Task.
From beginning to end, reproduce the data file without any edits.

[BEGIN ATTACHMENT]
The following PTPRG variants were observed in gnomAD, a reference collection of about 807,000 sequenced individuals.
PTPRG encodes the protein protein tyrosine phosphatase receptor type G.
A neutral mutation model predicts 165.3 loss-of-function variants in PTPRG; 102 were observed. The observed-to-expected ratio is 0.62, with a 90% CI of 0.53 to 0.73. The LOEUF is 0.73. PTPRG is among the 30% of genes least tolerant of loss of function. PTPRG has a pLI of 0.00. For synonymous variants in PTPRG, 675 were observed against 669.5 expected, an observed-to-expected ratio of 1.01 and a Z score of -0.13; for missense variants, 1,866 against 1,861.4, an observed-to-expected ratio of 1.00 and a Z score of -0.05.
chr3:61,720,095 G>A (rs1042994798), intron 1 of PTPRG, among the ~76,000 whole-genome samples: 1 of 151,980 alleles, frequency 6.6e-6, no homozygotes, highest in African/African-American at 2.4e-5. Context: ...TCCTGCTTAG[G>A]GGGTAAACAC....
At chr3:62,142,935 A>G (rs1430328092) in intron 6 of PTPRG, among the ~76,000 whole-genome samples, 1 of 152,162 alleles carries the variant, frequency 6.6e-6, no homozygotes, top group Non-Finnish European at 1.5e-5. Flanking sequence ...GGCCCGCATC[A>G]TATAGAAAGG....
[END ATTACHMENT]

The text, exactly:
The following PTPRG variants were observed in gnomAD, a reference collection of about 807,000 sequenced individuals.
PTPRG encodes the protein protein tyrosine phosphatase receptor type G.
A neutral mutation model predicts 165.3 loss-of-function variants in PTPRG; 102 were observed. The observed-to-expected ratio is 0.62, with a 90% CI of 0.53 to 0.73. The LOEUF is 0.73. PTPRG is among the 30% of genes least tolerant of loss of function. PTPRG has a pLI of 0.00. For synonymous variants in PTPRG, 675 were observed against 669.5 expected, an observed-to-expected ratio of 1.01 and a Z score of -0.13; for missense variants, 1,866 against 1,861.4, an observed-to-expected ratio of 1.00 and a Z score of -0.05.
chr3:61,720,095 G>A (rs1042994798), intron 1 of PTPRG, among the ~76,000 whole-genome samples: 1 of 151,980 alleles, frequency 6.6e-6, no homozygotes, highest in African/African-American at 2.4e-5. Context: ...TCCTGCTTAG[G>A]GGGTAAACAC....
At chr3:62,142,935 A>G (rs1430328092) in intron 6 of PTPRG, among the ~76,000 whole-genome samples, 1 of 152,162 alleles carries the variant, frequency 6.6e-6, no homozygotes, top group Non-Finnish European at 1.5e-5. Flanking sequence ...GGCCCGCATC[A>G]TATAGAAAGG....